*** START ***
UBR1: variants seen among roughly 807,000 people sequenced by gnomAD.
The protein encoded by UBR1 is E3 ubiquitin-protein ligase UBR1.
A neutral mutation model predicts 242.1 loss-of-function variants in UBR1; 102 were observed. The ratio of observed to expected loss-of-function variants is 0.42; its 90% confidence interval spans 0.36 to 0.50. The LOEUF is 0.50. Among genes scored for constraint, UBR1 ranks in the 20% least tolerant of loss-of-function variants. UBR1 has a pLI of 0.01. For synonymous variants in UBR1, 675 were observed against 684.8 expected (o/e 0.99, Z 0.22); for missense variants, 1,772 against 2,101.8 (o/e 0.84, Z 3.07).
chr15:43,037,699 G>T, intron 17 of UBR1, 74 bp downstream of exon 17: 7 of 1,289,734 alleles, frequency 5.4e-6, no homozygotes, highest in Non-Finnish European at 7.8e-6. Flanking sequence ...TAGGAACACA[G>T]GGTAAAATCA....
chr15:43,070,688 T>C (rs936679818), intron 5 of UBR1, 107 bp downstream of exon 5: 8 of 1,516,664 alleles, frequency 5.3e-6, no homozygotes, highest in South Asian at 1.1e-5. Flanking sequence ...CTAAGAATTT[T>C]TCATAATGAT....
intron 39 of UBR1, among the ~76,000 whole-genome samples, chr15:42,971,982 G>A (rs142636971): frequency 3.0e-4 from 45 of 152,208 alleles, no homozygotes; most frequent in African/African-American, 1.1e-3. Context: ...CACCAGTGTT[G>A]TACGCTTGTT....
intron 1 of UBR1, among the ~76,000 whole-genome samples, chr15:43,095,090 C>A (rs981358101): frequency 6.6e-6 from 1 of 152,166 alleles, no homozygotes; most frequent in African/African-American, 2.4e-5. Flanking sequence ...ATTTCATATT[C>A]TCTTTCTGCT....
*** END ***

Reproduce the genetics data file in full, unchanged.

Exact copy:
UBR1: variants seen among roughly 807,000 people sequenced by gnomAD.
The protein encoded by UBR1 is E3 ubiquitin-protein ligase UBR1.
A neutral mutation model predicts 242.1 loss-of-function variants in UBR1; 102 were observed. The ratio of observed to expected loss-of-function variants is 0.42; its 90% confidence interval spans 0.36 to 0.50. The LOEUF is 0.50. Among genes scored for constraint, UBR1 ranks in the 20% least tolerant of loss-of-function variants. UBR1 has a pLI of 0.01. For synonymous variants in UBR1, 675 were observed against 684.8 expected (o/e 0.99, Z 0.22); for missense variants, 1,772 against 2,101.8 (o/e 0.84, Z 3.07).
chr15:43,037,699 G>T, intron 17 of UBR1, 74 bp downstream of exon 17: 7 of 1,289,734 alleles, frequency 5.4e-6, no homozygotes, highest in Non-Finnish European at 7.8e-6. Flanking sequence ...TAGGAACACA[G>T]GGTAAAATCA....
chr15:43,070,688 T>C (rs936679818), intron 5 of UBR1, 107 bp downstream of exon 5: 8 of 1,516,664 alleles, frequency 5.3e-6, no homozygotes, highest in South Asian at 1.1e-5. Flanking sequence ...CTAAGAATTT[T>C]TCATAATGAT....
intron 39 of UBR1, among the ~76,000 whole-genome samples, chr15:42,971,982 G>A (rs142636971): frequency 3.0e-4 from 45 of 152,208 alleles, no homozygotes; most frequent in African/African-American, 1.1e-3. Context: ...CACCAGTGTT[G>A]TACGCTTGTT....
intron 1 of UBR1, among the ~76,000 whole-genome samples, chr15:43,095,090 C>A (rs981358101): frequency 6.6e-6 from 1 of 152,166 alleles, no homozygotes; most frequent in African/African-American, 2.4e-5. Flanking sequence ...ATTTCATATT[C>A]TCTTTCTGCT....